The Ten Most “Thrilling” Airports

One of our favorite travel sites, Airfarewatchdog, today released their list of the world’s ten most “thrilling” airports. From hairpin turns to to landings over sunbathers to runways accessible only at low tide, these landings and takeoffs aren’t for the faint of heart.

“Globe-trotting frequent flyers probably have their own favorite ‘thrilling’ airports that might not be on this list. Anyone who once flew into the old Hong Kong airport remembers literally being able to see what people in adjacent apartment buildings were watching on their TV sets. And let’s not forget the amusement park ride that is St. Barts’ tiny airport. How fun is that!” Airfarewatchdog president George Hobica said.

The picks include:

  • Toncontin International Airport, Tegucigalpa, Honduras: To line up with the runway, planes must make a last-second 45-degree turn.
  • Princess Juliana International Airport, Philipsburg, St. Maarten: Planes fly mere feet over sunbathers.
  • Queenstown Airport, Queenstown, New Zealand: On descent, passengers may feel a sudden drop in altitude caused by downdrafts.
  • Gustaf III Airport, St. Jean, St. Barts: “Small airports, short runways, and terrain are the three whammies of flying,” says Pilot Anonymous. Gustaf III Airport has all three.
  • Sitka Rocky Gutierrez Airport, Sitka, Alaska: Unpredictable weather means that pilots need to take caution of boulders and other debris that can wash onto the runway.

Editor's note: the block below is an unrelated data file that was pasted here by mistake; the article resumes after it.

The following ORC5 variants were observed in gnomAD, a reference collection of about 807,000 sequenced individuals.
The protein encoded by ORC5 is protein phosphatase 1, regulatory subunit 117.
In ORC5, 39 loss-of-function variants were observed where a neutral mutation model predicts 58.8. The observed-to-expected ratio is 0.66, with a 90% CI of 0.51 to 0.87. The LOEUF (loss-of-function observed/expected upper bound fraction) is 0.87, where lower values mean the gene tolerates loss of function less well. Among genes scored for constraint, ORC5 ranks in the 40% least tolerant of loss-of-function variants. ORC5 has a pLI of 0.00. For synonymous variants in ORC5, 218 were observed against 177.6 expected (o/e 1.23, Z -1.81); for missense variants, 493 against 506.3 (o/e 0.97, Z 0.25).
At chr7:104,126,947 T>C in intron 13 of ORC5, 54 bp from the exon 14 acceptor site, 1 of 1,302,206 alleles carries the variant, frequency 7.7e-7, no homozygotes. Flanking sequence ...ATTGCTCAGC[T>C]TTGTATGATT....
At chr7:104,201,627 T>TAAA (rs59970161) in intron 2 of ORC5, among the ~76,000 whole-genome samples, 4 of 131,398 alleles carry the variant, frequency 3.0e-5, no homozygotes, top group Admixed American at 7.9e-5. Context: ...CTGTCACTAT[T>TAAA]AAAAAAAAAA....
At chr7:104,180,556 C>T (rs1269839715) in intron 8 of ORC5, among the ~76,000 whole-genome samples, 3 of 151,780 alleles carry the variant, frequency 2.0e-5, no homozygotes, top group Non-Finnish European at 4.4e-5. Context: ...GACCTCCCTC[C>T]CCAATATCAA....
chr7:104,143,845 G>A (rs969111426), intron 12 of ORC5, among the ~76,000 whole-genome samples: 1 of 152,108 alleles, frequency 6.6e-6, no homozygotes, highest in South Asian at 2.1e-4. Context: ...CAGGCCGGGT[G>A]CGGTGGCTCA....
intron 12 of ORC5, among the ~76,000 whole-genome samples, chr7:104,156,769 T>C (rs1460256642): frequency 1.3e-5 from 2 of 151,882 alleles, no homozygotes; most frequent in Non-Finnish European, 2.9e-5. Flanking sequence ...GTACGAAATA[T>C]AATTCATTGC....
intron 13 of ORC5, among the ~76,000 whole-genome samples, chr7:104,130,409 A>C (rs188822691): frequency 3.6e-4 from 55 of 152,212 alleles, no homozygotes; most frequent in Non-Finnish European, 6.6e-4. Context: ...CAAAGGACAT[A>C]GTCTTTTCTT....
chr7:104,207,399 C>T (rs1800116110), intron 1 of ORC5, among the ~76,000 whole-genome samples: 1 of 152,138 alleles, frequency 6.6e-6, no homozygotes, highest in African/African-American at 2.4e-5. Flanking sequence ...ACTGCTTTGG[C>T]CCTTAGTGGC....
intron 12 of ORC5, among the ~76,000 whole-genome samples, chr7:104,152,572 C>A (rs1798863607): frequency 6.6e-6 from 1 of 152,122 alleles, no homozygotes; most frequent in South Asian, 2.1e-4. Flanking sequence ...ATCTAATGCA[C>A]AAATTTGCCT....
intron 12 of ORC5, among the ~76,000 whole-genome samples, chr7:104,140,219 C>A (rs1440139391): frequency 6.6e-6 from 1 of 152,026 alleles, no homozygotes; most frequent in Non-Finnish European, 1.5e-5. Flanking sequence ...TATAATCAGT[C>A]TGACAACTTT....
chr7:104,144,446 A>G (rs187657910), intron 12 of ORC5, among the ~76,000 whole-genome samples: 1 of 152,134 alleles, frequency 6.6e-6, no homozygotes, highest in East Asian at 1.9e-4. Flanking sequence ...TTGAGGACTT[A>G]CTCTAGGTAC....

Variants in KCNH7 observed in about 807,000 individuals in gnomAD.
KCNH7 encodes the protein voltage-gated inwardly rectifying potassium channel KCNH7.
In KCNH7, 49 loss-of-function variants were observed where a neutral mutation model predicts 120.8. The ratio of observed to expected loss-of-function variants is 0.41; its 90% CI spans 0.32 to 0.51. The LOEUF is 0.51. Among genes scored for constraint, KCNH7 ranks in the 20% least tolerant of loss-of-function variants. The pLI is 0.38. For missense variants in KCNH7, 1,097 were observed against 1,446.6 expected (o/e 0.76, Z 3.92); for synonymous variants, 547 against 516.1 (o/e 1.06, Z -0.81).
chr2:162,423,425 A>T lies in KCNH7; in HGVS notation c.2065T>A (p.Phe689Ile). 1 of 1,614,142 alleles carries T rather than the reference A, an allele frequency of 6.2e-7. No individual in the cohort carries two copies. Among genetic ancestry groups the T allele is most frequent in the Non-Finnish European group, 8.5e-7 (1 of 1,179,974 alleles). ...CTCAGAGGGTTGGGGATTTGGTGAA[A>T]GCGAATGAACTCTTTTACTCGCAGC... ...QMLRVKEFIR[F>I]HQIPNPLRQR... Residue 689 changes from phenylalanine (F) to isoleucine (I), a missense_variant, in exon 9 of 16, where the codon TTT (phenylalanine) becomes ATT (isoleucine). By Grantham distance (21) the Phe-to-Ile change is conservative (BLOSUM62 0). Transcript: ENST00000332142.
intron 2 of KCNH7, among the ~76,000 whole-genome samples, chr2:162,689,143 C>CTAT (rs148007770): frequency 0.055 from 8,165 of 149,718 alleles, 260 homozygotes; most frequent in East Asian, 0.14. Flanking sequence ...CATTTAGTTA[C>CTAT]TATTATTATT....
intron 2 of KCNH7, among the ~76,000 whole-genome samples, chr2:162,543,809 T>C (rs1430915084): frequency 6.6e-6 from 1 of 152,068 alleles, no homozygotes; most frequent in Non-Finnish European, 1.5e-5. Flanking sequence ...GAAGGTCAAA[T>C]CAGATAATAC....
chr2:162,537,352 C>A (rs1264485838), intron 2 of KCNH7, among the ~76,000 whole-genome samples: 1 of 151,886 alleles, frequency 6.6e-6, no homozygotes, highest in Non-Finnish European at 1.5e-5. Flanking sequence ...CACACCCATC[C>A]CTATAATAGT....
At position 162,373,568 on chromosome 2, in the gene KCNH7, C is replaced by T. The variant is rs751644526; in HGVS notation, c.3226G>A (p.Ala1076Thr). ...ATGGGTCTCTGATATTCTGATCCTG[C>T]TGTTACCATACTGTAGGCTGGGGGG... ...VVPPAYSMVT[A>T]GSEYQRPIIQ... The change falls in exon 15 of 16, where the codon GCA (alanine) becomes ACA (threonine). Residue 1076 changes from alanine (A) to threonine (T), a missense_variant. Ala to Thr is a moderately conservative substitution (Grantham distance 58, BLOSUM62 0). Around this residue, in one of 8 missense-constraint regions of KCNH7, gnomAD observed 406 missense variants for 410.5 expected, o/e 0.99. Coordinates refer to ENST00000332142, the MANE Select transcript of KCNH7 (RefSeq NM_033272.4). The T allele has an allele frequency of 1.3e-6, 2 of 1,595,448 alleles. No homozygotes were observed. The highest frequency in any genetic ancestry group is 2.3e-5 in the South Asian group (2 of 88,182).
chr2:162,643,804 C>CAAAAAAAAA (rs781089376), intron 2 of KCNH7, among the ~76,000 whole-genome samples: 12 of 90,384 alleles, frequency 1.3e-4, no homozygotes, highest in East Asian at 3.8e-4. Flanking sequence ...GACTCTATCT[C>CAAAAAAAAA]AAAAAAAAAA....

• Courcheval Airport, Courcheval, France: A short 1,722-foot runway, and Courcheval has a steep incline (which slows planes down on landing and speeds them up on takeoff).
  • Catalina Airport (Airport in the Sky), Avalon, California: The sole runway is raised in the middle, so much so that pilots can’t see where it ends.
  • LaGuardia Airport, New York, New York: Before landing, pilots make a number of white-knuckle turns, one of which is 180-degrees around Citi Field.
  • Tenzing-Hillary Airport (Lukla Airport), Lukla, Nepal: This is 9,000 feet high in the Himalayas, and pilots have one shot to land, as the terrain rules out a fly-around.
  • Barra Airport, Barra, Scotland: It’s always a beach landing, and runways form when the tide goes out.
  • But we want to hear from you – what did they miss?